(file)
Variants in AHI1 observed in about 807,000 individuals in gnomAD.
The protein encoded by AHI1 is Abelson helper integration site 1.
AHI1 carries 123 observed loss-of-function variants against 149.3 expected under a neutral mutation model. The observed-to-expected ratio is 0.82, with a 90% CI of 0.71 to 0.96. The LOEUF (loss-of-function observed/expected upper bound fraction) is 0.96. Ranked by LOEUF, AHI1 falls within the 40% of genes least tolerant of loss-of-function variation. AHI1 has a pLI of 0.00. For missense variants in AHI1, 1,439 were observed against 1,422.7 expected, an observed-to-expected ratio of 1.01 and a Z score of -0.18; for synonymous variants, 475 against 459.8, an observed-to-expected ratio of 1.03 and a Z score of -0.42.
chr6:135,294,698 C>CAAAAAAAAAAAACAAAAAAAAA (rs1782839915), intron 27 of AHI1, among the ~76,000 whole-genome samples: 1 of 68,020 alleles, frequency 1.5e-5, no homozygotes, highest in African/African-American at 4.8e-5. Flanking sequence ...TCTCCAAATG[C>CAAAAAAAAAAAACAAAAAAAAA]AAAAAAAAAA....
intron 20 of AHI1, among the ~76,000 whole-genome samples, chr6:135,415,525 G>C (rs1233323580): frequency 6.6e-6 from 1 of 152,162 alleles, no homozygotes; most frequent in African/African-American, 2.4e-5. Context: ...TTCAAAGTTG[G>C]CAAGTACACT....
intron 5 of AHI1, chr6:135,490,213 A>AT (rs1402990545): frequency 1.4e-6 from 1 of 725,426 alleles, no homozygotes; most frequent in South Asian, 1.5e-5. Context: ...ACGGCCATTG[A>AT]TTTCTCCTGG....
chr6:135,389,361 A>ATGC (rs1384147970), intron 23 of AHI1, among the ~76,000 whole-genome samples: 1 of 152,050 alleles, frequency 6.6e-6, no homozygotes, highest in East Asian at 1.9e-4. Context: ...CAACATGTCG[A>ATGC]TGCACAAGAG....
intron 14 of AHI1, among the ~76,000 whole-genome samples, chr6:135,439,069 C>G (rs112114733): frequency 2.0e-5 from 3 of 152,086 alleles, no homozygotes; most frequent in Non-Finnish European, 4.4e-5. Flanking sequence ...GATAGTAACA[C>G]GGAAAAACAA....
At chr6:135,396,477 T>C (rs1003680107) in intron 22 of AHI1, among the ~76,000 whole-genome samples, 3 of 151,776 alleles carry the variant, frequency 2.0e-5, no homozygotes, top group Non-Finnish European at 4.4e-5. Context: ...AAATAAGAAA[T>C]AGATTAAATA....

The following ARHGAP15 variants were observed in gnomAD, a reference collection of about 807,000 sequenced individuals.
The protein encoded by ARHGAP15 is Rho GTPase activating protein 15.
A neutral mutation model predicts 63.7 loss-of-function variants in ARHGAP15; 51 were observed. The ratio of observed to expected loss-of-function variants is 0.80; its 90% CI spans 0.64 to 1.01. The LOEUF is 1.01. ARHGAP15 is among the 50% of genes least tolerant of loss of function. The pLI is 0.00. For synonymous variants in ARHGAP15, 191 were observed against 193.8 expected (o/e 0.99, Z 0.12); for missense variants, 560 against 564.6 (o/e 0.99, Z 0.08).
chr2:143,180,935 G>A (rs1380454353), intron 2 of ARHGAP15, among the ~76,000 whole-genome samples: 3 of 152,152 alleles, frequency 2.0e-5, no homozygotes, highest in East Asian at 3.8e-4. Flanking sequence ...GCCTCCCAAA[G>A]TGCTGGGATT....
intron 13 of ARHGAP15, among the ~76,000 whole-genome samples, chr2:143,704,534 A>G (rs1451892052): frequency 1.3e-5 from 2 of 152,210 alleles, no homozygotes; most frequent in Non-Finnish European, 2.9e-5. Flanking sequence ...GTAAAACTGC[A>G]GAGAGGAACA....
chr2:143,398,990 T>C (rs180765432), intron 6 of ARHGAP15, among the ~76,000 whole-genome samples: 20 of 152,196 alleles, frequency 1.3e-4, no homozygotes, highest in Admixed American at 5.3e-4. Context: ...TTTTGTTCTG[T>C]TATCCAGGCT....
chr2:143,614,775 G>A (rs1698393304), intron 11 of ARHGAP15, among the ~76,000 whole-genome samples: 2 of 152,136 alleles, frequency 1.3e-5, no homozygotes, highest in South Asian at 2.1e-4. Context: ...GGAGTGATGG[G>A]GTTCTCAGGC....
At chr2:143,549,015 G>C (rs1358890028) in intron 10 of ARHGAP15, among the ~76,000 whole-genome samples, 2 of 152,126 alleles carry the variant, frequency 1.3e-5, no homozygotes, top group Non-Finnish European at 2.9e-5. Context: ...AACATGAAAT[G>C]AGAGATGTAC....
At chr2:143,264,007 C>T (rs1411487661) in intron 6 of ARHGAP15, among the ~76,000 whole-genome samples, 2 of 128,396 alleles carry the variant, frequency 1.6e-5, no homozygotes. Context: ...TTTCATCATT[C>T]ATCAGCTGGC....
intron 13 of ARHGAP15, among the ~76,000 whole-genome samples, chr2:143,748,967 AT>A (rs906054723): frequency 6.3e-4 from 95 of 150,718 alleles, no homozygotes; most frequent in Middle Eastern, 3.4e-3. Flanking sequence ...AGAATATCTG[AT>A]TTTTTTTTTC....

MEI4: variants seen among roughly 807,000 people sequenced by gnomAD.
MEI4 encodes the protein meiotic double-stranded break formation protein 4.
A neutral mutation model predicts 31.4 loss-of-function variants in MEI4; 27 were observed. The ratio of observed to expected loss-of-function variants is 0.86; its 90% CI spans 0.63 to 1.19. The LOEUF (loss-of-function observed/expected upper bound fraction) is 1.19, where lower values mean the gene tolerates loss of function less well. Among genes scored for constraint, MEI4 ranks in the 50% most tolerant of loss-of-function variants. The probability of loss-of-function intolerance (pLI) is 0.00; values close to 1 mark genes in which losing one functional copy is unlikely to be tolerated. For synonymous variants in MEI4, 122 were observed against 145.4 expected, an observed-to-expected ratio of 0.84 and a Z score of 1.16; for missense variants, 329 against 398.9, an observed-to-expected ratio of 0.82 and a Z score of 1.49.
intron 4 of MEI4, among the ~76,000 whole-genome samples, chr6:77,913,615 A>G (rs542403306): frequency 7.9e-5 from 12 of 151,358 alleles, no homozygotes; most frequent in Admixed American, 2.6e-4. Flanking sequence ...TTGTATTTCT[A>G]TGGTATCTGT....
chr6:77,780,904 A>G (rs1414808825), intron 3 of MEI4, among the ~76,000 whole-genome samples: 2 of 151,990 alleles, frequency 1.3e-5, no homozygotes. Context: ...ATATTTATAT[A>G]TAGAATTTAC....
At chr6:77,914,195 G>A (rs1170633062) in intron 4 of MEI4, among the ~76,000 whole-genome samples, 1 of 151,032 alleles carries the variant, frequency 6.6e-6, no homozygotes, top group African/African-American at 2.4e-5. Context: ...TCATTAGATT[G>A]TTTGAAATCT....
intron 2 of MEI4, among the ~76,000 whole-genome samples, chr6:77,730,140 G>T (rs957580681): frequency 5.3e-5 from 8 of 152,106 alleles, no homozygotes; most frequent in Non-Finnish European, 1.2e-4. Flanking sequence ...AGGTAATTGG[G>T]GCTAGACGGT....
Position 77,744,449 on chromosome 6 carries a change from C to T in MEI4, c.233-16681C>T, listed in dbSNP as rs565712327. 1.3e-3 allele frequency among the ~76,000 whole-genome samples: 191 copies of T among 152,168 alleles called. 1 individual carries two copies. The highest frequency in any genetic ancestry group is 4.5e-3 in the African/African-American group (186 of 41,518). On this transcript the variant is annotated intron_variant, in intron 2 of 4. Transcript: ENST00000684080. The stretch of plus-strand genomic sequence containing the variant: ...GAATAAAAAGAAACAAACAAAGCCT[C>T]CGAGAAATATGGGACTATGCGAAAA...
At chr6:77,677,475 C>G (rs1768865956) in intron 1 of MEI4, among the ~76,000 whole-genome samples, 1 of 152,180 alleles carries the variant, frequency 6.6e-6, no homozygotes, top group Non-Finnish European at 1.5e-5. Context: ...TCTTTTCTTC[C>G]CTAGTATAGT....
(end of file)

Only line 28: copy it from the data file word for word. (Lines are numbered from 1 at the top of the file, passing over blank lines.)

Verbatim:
At chr6:77,677,475 C>G (rs1768865956) in intron 1 of MEI4, among the ~76,000 whole-genome samples, 1 of 152,180 alleles carries the variant, frequency 6.6e-6, no homozygotes, top group Non-Finnish European at 1.5e-5. Context: ...TCTTTTCTTC[C>G]CTAGTATAGT....